Tom Bouman kind of exploded on to the crime fiction scene with his Edgar winning debut Dry Bones in the Valley in 2015. That was the first novel in a series featuring Henry Farrell, a Vietnam veteran getting over the death of his first wife who has returned to his rural roots in Wild Thyme, Pennsylvania, to become the town cop. A second novel Fateful Mornings followed in 2017 and now we have The Bramble and the Rose. Lean and mean and with every word a modern noir. Henry Farrell, now married again, is still not comfortable around people and crowds, he’s a bit of a loner by nature, a guy not entirely comfortable in his own skin. Any notions that his job is some kind of sinecure are soon dispelled when it becomes clear that north-eastern Pennsylvania, Wild Thyme in particular, has more than its fair share of problems; It’s nowhere near as idyllic as the breath-taking scenery might lead readers to believe. The contrast between natural beauty, peace, tranquillity, and human behaviour is stark, and a recurring motif for the novel. Rural crime fiction isn’t a new thing but Bouman is one of a small number of new authors presenting it with fresh eyes to an increasing urban American/world population. The problems are universal but brushed under the carpet too often. The countryside has wealth and great vistas but Wild Thyme is no tourist haven, there are real troubles here; poverty, lack of opportunity, and drug issues – fentanyl and heroin, and then there’s the visitors:

“In our new century it had become clear that we need a bigger jail and a bigger morgue. More and more, people got lost wandering, and after stumbling down a path, they ended up in one bleach-soaked room or another.”

When Henry Farrell, the one man police force of Wild Thyme, working out of the back of the town garage, returns to that ‘office/station’ Terry Ceallaigh, (pronounced Kelly), is waiting for him. Terry has never seen anything like the dead man he just found in the woods off Red Pine Road. Henry has invited the county sheriff and local conservation officer Shaun Loughlin to join them so the two men head back to the scene. When they stop Henry goes into the woods alone, the smell of the body a mile off leads the way. The body has been eviscerated, the head is missing, Henry tapes the scene boundary then does a recce of the area. He finds the head in a hollow tree, taken by raccoons. The others arrive, it looks like the possible killer/opportunist carnivore is a bear, a normally benign American Black Bear that now has the taste for human meat, so they’ve got to kill it before it attacks again. There’s no wallet, no gear with the body and it looks like the head may have been severed by a sharp rock, so probably not the work of a bear. Keeping that suspicion to themselves for now, they declare it an animal attack, the corpse was partially eaten after all. That night Henry and the biologist up from Harrisburg, Dr Mary Weaver, lie in wait for the bear. When the attack comes it’s a man with a knife, perhaps returning to the scene for something he forgot, he’s surprised by Weaver and Henry and runs off when shots are fired. There are indications the man could have been involved in a bike RTA, but what happened then? The body was found on Mark Moore’s land, Mark has a running dispute with neighbour Terry Caellaigh so things were already tense in the area but this discovery has everyone on edge. Killer or no they still have to find the human flesh eating bear. Henry turns hunter again but as the name of the victim is uncovered Henry’s investigation leads him to dark places. The enemy is very human, much more dangerous than Ursus Americanus. The tables turn on Henry and he becomes prey to far more devious hunters determined to kill him or turn the county against him.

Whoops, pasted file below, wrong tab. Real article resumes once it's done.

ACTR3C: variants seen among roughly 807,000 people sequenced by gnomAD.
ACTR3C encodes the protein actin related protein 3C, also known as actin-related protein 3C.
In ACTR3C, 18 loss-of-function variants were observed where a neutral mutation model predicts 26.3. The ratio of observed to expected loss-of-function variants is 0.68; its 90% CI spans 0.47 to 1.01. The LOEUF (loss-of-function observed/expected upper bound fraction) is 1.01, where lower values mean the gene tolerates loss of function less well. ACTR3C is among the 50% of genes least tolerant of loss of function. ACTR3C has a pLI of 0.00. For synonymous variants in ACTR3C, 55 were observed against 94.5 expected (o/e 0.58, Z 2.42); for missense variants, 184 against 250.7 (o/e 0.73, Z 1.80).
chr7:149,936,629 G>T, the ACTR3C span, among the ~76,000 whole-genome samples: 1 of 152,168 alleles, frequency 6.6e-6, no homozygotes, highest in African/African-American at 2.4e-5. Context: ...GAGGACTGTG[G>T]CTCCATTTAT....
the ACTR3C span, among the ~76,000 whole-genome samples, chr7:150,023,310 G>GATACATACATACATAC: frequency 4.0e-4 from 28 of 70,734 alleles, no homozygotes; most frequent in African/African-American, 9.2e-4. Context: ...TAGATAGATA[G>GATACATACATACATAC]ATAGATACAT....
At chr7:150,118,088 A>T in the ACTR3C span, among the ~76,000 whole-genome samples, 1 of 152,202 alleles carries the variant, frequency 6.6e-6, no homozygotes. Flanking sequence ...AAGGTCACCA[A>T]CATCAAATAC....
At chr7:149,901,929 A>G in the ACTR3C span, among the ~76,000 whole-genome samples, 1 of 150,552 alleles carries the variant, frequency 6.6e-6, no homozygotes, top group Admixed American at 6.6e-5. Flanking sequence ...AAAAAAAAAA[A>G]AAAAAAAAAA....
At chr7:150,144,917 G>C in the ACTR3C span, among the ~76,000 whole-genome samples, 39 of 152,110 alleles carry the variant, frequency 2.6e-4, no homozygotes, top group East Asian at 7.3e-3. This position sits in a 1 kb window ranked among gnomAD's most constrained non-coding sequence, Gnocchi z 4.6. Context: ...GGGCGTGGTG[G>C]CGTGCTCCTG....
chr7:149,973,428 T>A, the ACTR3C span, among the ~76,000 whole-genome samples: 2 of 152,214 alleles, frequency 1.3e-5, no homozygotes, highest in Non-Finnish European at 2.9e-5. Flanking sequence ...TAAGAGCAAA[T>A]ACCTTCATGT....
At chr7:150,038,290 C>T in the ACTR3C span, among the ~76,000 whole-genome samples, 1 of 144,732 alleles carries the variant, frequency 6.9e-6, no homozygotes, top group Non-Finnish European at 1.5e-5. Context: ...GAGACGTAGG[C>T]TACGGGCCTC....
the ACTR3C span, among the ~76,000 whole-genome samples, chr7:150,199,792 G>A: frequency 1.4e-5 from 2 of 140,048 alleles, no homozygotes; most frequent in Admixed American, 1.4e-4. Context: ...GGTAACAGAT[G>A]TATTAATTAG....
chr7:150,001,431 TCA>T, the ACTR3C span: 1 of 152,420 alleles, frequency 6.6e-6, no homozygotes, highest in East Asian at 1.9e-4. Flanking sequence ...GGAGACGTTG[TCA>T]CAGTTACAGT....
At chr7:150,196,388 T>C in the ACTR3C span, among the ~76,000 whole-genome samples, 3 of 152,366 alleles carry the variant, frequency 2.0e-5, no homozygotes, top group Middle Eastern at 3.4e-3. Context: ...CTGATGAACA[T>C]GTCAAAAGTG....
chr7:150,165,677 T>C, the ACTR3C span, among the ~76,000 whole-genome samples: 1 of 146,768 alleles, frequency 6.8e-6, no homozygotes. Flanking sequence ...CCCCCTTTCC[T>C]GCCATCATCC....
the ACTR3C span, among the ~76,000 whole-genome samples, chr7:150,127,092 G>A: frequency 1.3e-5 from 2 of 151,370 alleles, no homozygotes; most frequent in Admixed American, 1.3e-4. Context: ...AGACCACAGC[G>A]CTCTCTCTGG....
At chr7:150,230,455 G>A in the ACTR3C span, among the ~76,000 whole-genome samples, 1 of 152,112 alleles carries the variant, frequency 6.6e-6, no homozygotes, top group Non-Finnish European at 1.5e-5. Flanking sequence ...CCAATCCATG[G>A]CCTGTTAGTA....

The Bramble and the Rose is strong on atmosphere, the claustrophobic feel of the hunt within a hunt and the sense of the small community overwhelmed by the wilderness is palpable. This is a place where everyone knows everyone’s business, every crime reflects back on a neighbour, or a cousin, or even the whole town. This is a gritty novel with a great protagonist, a man unsure of himself in some ways but tough and resourceful, smarter than the average bear, (sorry). Henry is steeped in the local life but still a little distant, that can work for him and against him. The Bramble and the Rose has that sense of rural decay and decline in the background but this is a very individual story, it’s not a indictment of rural life. On the contrary the author’s love of place, of people, shines out.

This novel is elegantly written, well plotted, and deceptively intricate, emotionally and psychologically insightful. There are occasional touches of humour and a beautiful slow burn in the telling that reflects the pace of life in the sticks, it reminds me a little of Donald Ray Pollack territory and Daniel Woodrell in particular. A classy slice of Americana.

Paul Burke 4/4*

The Bramble and the Rose by Tom Bouman
9780571358168 Faber & Faber Paperback  2nd April 2020